Each of the vignettes, of course, riffs on some type of horror trope, while also giving us insight into the characters telling them, and offering big laughs. Because this is the sort of thing I tend to do with these episodes, let's break down each tale (though, unlike last week, my analysis will be brief, namely because there was less here):
Britta's story is poorly told (the biggest laughs coming from the characters speaking in her apathetic and poorly thought out dialogue, with the radio announcer warning to look out for "some guy with a hook or a thingie on his hand,"). In it, she and Jeff (still her obvious romantic pairing since she hasn't caught on to Troy's affection in this timeline) are making out in a car in the woods, the over-sexed Jeff tries to calm her and then gets out only to be promptly murdered. Its a standard set up, told poorly, focused on Jeff's overactive libido and quick death. Sounds about right.
Abed's story is, of course, the pop culture geek's response to any horror film, with both he and Britta behaving in a perfectly logical fashion, and thus surviving (until they "earn" their death). Annie's story is not surprising, with bad boy vampire Jeff using Britta as food but realy being attracted to her innocent school teacher, who teaches him to read, before revealing herself to be a werewolf and viciously murdering Jeff (her explicit and gory description was nearly as funny as the montage of Vampire Jeff learning to read).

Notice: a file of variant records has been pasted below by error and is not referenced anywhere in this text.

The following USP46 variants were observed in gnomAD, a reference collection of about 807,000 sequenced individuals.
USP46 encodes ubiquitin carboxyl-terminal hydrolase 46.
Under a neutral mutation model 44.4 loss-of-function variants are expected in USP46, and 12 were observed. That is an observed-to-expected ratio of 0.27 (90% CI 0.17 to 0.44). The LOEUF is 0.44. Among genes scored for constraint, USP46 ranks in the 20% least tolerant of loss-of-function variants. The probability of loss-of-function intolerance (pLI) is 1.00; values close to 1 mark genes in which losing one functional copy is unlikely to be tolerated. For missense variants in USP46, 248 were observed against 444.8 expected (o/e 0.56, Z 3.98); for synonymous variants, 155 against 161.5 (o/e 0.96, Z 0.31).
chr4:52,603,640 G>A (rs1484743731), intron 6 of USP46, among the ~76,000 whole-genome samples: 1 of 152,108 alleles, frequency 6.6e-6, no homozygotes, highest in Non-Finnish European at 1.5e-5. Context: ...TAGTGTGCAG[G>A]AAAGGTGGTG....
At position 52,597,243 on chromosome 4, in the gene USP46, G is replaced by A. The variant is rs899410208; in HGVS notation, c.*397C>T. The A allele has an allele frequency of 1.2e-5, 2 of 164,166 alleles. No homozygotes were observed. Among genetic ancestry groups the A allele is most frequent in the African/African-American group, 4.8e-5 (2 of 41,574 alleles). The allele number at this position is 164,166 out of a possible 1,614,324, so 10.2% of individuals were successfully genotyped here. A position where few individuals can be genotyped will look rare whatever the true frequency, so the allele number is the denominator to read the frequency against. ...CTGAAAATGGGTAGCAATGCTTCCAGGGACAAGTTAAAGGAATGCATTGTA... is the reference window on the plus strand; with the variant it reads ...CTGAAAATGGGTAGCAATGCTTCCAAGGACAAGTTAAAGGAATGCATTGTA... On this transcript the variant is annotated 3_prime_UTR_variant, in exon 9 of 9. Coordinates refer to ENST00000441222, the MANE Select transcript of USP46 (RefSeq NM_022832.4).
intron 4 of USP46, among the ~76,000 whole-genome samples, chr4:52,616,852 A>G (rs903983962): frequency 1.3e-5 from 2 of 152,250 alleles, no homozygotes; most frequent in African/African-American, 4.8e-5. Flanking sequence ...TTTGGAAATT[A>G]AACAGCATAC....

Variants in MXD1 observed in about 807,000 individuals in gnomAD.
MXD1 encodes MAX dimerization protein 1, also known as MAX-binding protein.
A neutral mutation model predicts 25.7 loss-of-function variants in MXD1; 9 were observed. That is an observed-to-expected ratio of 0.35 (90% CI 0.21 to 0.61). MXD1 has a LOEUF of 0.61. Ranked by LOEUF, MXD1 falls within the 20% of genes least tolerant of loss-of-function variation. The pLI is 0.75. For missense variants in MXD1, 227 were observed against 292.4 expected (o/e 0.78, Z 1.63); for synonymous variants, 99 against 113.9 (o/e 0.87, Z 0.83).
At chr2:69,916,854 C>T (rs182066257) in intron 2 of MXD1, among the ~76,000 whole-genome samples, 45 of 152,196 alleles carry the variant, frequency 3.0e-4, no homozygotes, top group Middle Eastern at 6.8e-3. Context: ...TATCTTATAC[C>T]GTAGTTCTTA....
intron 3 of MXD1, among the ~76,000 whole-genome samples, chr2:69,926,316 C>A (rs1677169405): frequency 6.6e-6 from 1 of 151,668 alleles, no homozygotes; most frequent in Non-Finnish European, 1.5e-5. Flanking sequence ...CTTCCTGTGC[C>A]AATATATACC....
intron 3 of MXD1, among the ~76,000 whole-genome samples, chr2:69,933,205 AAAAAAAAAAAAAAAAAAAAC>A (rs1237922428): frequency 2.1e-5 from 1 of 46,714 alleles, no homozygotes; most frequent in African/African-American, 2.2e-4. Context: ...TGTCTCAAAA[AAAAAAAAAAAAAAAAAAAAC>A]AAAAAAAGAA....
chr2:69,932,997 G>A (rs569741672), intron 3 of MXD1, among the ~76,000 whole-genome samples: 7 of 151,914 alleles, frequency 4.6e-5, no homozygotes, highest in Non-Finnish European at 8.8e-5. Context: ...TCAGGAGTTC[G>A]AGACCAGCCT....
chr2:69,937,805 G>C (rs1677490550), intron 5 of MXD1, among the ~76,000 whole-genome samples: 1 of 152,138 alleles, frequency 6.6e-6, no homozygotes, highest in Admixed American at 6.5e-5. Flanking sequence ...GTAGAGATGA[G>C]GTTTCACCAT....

Troy tells a standard mad scientist tale, about he and Abed's awesomeness and the "horror" of them being stuck together permanently that ends with their torture of Pierce (in the best way Troy can conjure: sweing his butt to his chest and switching his feet to his hands, so he has "boobs" to grope but not hands to grope them with). Pierce's story is racist, sexist, and about how awesome, young, vital, and well endowed he is. And Shirley, unsurprisingly, tells a tale of the rapture, in which she ascends and all of her friends are stuck being tortured by Devil Dean (the highlights of this being Shirley's not understanding how drugs work and constant references to the post apocalypse being just like New York. Plus the great NPR joke).
The show is continuously singling out Jeff, this season, as it works to develop him. Last episode, we learned that the group arguably functions better without his presence. This week, he's the only one to not tell a horror story (his is basically a parody of his tendency to speechify, in which the group finds that Chang is the killer who kills because he's afraid and hugs the murder out of him), but he's also the only one to not raise a weapon against the rest of the group when the lights go out. While everyone else is still pretty quick to turn on each other when push comes to shove (and I really, really wish the show would stop resulting to this gimmick so often), Jeff knows none of these people are psychopathic killers, and isn't worried about where this will head. He knows they'll all end up together, and he's helping them towards that, in his own way.